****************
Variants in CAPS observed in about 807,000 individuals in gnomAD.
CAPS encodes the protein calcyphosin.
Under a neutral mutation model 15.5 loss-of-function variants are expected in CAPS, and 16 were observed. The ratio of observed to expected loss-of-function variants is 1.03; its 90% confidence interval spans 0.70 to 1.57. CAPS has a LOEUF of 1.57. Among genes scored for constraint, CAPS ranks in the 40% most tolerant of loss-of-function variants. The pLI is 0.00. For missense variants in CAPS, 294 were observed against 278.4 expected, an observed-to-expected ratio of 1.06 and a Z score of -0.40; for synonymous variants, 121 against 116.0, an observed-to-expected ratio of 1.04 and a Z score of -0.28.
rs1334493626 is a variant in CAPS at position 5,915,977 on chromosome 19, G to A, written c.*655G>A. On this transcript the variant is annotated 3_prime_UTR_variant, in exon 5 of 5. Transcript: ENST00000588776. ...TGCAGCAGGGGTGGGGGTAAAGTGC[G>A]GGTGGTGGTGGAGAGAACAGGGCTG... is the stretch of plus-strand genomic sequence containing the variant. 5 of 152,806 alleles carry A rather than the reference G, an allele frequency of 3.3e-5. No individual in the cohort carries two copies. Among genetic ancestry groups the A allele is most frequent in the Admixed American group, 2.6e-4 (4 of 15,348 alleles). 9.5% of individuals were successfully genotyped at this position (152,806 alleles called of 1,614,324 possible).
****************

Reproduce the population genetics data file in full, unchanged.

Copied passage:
Variants in CAPS observed in about 807,000 individuals in gnomAD.
CAPS encodes the protein calcyphosin.
Under a neutral mutation model 15.5 loss-of-function variants are expected in CAPS, and 16 were observed. The ratio of observed to expected loss-of-function variants is 1.03; its 90% confidence interval spans 0.70 to 1.57. CAPS has a LOEUF of 1.57. Among genes scored for constraint, CAPS ranks in the 40% most tolerant of loss-of-function variants. The pLI is 0.00. For missense variants in CAPS, 294 were observed against 278.4 expected, an observed-to-expected ratio of 1.06 and a Z score of -0.40; for synonymous variants, 121 against 116.0, an observed-to-expected ratio of 1.04 and a Z score of -0.28.
rs1334493626 is a variant in CAPS at position 5,915,977 on chromosome 19, G to A, written c.*655G>A. On this transcript the variant is annotated 3_prime_UTR_variant, in exon 5 of 5. Transcript: ENST00000588776. ...TGCAGCAGGGGTGGGGGTAAAGTGC[G>A]GGTGGTGGTGGAGAGAACAGGGCTG... is the stretch of plus-strand genomic sequence containing the variant. 5 of 152,806 alleles carry A rather than the reference G, an allele frequency of 3.3e-5. No individual in the cohort carries two copies. Among genetic ancestry groups the A allele is most frequent in the Admixed American group, 2.6e-4 (4 of 15,348 alleles). 9.5% of individuals were successfully genotyped at this position (152,806 alleles called of 1,614,324 possible).